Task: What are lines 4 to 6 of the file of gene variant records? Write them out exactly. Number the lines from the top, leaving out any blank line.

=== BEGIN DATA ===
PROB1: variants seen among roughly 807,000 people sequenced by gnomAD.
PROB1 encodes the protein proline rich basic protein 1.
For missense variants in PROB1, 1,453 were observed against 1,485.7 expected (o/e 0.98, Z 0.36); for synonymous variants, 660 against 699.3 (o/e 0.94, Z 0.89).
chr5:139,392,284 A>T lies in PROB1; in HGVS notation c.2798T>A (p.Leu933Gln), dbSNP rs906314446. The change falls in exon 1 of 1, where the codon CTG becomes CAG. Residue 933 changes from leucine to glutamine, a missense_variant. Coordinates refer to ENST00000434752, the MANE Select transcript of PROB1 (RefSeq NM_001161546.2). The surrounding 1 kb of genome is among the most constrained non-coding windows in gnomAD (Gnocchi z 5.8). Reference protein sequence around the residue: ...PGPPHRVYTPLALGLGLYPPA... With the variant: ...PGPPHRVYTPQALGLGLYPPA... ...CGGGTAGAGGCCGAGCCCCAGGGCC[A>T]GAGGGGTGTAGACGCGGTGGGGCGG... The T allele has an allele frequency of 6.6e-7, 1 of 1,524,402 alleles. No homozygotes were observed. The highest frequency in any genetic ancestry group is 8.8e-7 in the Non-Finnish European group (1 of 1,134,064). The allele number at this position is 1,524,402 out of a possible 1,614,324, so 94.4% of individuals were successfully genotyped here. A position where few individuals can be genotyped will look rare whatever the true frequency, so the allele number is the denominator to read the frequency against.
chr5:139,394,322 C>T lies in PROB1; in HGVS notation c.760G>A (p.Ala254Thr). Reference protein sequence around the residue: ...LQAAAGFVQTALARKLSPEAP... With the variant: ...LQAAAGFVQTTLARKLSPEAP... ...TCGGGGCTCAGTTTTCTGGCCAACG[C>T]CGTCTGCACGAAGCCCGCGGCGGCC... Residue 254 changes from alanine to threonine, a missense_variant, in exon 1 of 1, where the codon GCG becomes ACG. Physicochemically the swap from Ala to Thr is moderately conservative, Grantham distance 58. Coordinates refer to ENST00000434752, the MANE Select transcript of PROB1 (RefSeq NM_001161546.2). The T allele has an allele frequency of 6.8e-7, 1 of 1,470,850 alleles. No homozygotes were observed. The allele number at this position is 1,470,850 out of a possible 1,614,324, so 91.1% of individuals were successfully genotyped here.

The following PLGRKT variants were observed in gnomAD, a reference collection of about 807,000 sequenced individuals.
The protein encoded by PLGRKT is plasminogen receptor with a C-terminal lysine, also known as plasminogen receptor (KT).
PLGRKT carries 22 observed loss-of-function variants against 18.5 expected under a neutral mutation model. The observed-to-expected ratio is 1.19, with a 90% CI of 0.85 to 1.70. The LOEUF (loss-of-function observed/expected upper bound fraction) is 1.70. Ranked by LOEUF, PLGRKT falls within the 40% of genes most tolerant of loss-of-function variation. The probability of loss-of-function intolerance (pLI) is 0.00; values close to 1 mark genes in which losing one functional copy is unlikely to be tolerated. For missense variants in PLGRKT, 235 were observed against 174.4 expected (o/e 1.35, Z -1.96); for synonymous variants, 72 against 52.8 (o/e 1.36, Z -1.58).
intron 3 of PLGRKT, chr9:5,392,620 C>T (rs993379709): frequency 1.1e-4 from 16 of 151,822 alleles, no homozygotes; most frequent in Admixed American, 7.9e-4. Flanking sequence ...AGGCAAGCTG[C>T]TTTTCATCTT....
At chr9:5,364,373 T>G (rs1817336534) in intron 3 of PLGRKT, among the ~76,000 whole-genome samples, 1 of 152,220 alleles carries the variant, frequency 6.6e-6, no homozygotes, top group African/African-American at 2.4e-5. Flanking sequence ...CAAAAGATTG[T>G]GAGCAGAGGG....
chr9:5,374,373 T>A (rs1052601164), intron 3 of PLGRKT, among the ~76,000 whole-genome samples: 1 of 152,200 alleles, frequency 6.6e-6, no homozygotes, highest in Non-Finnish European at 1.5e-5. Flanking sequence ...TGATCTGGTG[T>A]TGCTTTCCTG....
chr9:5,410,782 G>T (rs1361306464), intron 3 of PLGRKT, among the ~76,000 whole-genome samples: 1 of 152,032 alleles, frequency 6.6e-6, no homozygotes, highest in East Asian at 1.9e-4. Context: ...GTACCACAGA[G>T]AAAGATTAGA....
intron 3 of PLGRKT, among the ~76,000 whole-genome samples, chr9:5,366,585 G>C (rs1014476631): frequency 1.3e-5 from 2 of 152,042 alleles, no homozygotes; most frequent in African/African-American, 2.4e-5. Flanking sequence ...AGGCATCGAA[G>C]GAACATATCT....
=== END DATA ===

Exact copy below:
chr5:139,392,284 A>T lies in PROB1; in HGVS notation c.2798T>A (p.Leu933Gln), dbSNP rs906314446. The change falls in exon 1 of 1, where the codon CTG becomes CAG. Residue 933 changes from leucine to glutamine, a missense_variant. Coordinates refer to ENST00000434752, the MANE Select transcript of PROB1 (RefSeq NM_001161546.2). The surrounding 1 kb of genome is among the most constrained non-coding windows in gnomAD (Gnocchi z 5.8). Reference protein sequence around the residue: ...PGPPHRVYTPLALGLGLYPPA... With the variant: ...PGPPHRVYTPQALGLGLYPPA... ...CGGGTAGAGGCCGAGCCCCAGGGCC[A>T]GAGGGGTGTAGACGCGGTGGGGCGG... The T allele has an allele frequency of 6.6e-7, 1 of 1,524,402 alleles. No homozygotes were observed. The highest frequency in any genetic ancestry group is 8.8e-7 in the Non-Finnish European group (1 of 1,134,064). The allele number at this position is 1,524,402 out of a possible 1,614,324, so 94.4% of individuals were successfully genotyped here. A position where few individuals can be genotyped will look rare whatever the true frequency, so the allele number is the denominator to read the frequency against.
chr5:139,394,322 C>T lies in PROB1; in HGVS notation c.760G>A (p.Ala254Thr). Reference protein sequence around the residue: ...LQAAAGFVQTALARKLSPEAP... With the variant: ...LQAAAGFVQTTLARKLSPEAP... ...TCGGGGCTCAGTTTTCTGGCCAACG[C>T]CGTCTGCACGAAGCCCGCGGCGGCC... Residue 254 changes from alanine to threonine, a missense_variant, in exon 1 of 1, where the codon GCG becomes ACG. Physicochemically the swap from Ala to Thr is moderately conservative, Grantham distance 58. Coordinates refer to ENST00000434752, the MANE Select transcript of PROB1 (RefSeq NM_001161546.2). The T allele has an allele frequency of 6.8e-7, 1 of 1,470,850 alleles. No homozygotes were observed. The allele number at this position is 1,470,850 out of a possible 1,614,324, so 91.1% of individuals were successfully genotyped here.

The following PLGRKT variants were observed in gnomAD, a reference collection of about 807,000 sequenced individuals.